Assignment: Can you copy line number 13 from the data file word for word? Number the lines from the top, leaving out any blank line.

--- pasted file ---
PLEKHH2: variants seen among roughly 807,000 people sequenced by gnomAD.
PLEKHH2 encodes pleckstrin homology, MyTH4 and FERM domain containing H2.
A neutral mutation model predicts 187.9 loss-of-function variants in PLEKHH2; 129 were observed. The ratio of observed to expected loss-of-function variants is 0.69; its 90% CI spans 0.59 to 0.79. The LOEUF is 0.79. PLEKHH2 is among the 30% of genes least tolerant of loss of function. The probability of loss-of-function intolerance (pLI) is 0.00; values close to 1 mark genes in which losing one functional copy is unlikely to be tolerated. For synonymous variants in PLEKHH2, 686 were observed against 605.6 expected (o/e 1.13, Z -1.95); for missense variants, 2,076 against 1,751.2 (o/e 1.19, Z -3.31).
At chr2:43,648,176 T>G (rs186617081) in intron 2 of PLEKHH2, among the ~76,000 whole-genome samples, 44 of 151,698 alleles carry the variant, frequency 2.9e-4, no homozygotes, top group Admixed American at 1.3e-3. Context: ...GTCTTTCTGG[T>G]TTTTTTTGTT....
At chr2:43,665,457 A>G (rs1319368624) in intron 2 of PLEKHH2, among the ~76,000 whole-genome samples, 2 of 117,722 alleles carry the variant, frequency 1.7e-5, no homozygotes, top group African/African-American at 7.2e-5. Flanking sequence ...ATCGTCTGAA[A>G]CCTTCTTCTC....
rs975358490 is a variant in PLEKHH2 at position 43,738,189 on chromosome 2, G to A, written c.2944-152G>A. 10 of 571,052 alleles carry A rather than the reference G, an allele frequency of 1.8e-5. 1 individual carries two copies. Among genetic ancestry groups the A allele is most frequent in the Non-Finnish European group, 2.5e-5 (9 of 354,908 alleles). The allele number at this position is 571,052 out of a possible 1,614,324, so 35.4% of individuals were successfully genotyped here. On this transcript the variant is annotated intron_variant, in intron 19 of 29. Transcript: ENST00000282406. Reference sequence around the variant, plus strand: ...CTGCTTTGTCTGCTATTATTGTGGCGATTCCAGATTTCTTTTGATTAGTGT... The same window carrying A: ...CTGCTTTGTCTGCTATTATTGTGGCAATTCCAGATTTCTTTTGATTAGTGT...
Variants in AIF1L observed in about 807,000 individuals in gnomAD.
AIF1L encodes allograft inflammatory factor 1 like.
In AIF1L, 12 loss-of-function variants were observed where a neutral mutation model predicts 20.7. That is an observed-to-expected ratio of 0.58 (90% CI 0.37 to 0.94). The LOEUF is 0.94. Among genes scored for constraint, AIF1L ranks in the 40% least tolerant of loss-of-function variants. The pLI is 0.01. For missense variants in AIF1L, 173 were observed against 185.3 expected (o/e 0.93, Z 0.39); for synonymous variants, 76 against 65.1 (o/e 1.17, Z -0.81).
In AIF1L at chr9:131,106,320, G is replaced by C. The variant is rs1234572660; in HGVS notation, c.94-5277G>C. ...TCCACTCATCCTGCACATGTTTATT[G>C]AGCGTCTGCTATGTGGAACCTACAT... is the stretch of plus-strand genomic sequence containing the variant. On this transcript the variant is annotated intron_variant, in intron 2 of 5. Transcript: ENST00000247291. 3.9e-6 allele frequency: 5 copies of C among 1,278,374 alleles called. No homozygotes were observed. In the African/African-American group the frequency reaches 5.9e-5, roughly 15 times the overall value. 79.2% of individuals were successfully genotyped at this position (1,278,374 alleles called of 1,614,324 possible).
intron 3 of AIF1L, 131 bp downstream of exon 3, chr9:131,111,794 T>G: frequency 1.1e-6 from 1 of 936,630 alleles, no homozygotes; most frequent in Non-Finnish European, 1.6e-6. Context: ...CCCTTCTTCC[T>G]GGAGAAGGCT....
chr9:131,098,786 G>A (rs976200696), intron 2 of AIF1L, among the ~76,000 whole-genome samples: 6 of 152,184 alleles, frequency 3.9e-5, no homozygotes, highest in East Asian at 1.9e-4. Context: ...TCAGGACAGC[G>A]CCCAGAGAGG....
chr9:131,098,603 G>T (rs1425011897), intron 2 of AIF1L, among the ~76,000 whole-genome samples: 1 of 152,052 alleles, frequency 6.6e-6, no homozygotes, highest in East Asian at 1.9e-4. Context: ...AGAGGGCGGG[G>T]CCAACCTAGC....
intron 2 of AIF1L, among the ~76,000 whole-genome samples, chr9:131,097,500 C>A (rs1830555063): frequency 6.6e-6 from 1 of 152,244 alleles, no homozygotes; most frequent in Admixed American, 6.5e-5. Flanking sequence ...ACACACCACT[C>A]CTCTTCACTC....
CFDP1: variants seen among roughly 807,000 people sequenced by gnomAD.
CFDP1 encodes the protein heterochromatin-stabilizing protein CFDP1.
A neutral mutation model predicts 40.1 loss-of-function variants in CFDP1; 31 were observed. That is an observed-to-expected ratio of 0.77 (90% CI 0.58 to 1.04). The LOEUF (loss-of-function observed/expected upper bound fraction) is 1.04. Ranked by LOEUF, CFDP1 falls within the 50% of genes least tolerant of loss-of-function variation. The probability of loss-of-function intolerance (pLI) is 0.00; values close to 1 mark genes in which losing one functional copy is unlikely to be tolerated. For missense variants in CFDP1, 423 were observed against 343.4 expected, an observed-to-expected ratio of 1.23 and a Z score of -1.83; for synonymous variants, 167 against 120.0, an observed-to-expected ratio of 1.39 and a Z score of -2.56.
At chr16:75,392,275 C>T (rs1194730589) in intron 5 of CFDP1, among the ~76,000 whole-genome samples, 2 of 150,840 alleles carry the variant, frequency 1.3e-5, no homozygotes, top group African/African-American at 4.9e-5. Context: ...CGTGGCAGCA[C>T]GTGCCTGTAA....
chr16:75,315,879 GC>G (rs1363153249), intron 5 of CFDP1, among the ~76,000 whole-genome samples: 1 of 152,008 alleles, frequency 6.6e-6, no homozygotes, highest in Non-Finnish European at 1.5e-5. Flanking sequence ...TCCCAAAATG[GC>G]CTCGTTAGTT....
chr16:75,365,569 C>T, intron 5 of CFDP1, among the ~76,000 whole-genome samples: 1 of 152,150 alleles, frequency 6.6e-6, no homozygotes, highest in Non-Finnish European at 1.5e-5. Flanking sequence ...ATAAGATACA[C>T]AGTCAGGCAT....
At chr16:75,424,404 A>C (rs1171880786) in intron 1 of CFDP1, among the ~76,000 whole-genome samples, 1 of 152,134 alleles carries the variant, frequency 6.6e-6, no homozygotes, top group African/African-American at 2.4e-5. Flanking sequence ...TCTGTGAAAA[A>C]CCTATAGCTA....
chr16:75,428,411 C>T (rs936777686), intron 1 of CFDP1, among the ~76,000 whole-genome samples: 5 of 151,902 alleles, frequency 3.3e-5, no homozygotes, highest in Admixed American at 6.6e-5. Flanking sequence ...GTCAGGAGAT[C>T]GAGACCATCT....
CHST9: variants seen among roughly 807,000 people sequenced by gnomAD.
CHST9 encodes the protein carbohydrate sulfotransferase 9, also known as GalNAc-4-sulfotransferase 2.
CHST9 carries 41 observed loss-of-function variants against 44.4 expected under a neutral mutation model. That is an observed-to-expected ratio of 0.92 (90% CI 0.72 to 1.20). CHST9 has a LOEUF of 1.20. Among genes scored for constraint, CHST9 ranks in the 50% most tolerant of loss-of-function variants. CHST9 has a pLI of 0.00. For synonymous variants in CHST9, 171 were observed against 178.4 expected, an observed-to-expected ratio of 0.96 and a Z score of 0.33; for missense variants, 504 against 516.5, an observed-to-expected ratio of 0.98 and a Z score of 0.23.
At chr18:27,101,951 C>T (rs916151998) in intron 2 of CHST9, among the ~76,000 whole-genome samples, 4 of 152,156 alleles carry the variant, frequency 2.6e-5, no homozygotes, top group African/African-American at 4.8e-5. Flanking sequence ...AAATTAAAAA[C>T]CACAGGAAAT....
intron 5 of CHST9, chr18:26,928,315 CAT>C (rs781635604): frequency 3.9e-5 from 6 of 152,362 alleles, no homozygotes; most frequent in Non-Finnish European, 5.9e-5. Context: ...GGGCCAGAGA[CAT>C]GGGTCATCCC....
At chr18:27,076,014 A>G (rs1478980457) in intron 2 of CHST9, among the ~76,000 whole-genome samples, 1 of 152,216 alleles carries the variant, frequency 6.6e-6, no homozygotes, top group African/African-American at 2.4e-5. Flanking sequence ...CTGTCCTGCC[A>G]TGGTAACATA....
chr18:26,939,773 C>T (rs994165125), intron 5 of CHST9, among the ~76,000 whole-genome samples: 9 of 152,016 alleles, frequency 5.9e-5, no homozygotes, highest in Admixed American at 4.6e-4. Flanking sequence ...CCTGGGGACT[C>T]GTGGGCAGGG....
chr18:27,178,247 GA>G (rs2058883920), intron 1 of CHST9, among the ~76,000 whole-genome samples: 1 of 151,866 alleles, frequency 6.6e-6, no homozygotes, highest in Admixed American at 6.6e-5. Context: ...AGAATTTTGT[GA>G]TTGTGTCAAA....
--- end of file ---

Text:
chr9:131,098,603 G>T (rs1425011897), intron 2 of AIF1L, among the ~76,000 whole-genome samples: 1 of 152,052 alleles, frequency 6.6e-6, no homozygotes, highest in East Asian at 1.9e-4. Context: ...AGAGGGCGGG[G>T]CCAACCTAGC....